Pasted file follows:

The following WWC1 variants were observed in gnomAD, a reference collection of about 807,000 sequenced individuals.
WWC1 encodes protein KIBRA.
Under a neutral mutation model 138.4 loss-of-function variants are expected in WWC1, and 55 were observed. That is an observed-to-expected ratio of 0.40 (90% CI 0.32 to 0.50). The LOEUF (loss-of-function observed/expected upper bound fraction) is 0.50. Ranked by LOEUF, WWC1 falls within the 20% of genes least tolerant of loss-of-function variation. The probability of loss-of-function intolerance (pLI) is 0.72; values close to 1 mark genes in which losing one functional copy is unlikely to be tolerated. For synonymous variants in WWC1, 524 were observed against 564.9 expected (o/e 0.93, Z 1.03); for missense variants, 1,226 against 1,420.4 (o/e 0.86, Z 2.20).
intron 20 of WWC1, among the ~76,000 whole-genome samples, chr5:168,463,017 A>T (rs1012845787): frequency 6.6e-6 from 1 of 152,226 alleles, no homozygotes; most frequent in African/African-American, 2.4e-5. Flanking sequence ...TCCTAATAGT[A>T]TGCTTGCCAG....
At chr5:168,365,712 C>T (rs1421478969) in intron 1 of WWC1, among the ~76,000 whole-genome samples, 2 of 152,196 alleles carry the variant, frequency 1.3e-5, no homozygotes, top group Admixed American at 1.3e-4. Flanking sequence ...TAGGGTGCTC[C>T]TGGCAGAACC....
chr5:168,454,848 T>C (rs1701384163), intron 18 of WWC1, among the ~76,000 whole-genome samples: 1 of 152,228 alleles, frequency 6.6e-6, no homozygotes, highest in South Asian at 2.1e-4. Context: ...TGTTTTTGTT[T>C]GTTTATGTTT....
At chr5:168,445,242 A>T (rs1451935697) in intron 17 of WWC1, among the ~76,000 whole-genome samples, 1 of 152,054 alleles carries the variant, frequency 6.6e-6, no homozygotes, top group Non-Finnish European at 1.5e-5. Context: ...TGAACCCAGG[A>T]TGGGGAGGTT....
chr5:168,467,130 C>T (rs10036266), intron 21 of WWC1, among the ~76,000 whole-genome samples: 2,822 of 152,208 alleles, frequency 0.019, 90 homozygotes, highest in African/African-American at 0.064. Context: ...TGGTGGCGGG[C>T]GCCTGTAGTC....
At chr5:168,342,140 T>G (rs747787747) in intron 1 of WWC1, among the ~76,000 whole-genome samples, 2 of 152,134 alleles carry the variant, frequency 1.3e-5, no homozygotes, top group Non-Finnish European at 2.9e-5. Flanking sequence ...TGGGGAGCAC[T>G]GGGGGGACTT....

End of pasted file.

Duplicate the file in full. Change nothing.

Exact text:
The following WWC1 variants were observed in gnomAD, a reference collection of about 807,000 sequenced individuals.
WWC1 encodes protein KIBRA.
Under a neutral mutation model 138.4 loss-of-function variants are expected in WWC1, and 55 were observed. That is an observed-to-expected ratio of 0.40 (90% CI 0.32 to 0.50). The LOEUF (loss-of-function observed/expected upper bound fraction) is 0.50. Ranked by LOEUF, WWC1 falls within the 20% of genes least tolerant of loss-of-function variation. The probability of loss-of-function intolerance (pLI) is 0.72; values close to 1 mark genes in which losing one functional copy is unlikely to be tolerated. For synonymous variants in WWC1, 524 were observed against 564.9 expected (o/e 0.93, Z 1.03); for missense variants, 1,226 against 1,420.4 (o/e 0.86, Z 2.20).
intron 20 of WWC1, among the ~76,000 whole-genome samples, chr5:168,463,017 A>T (rs1012845787): frequency 6.6e-6 from 1 of 152,226 alleles, no homozygotes; most frequent in African/African-American, 2.4e-5. Flanking sequence ...TCCTAATAGT[A>T]TGCTTGCCAG....
At chr5:168,365,712 C>T (rs1421478969) in intron 1 of WWC1, among the ~76,000 whole-genome samples, 2 of 152,196 alleles carry the variant, frequency 1.3e-5, no homozygotes, top group Admixed American at 1.3e-4. Flanking sequence ...TAGGGTGCTC[C>T]TGGCAGAACC....
chr5:168,454,848 T>C (rs1701384163), intron 18 of WWC1, among the ~76,000 whole-genome samples: 1 of 152,228 alleles, frequency 6.6e-6, no homozygotes, highest in South Asian at 2.1e-4. Context: ...TGTTTTTGTT[T>C]GTTTATGTTT....
At chr5:168,445,242 A>T (rs1451935697) in intron 17 of WWC1, among the ~76,000 whole-genome samples, 1 of 152,054 alleles carries the variant, frequency 6.6e-6, no homozygotes, top group Non-Finnish European at 1.5e-5. Context: ...TGAACCCAGG[A>T]TGGGGAGGTT....
chr5:168,467,130 C>T (rs10036266), intron 21 of WWC1, among the ~76,000 whole-genome samples: 2,822 of 152,208 alleles, frequency 0.019, 90 homozygotes, highest in African/African-American at 0.064. Context: ...TGGTGGCGGG[C>T]GCCTGTAGTC....
At chr5:168,342,140 T>G (rs747787747) in intron 1 of WWC1, among the ~76,000 whole-genome samples, 2 of 152,134 alleles carry the variant, frequency 1.3e-5, no homozygotes, top group Non-Finnish European at 2.9e-5. Flanking sequence ...TGGGGAGCAC[T>G]GGGGGGACTT....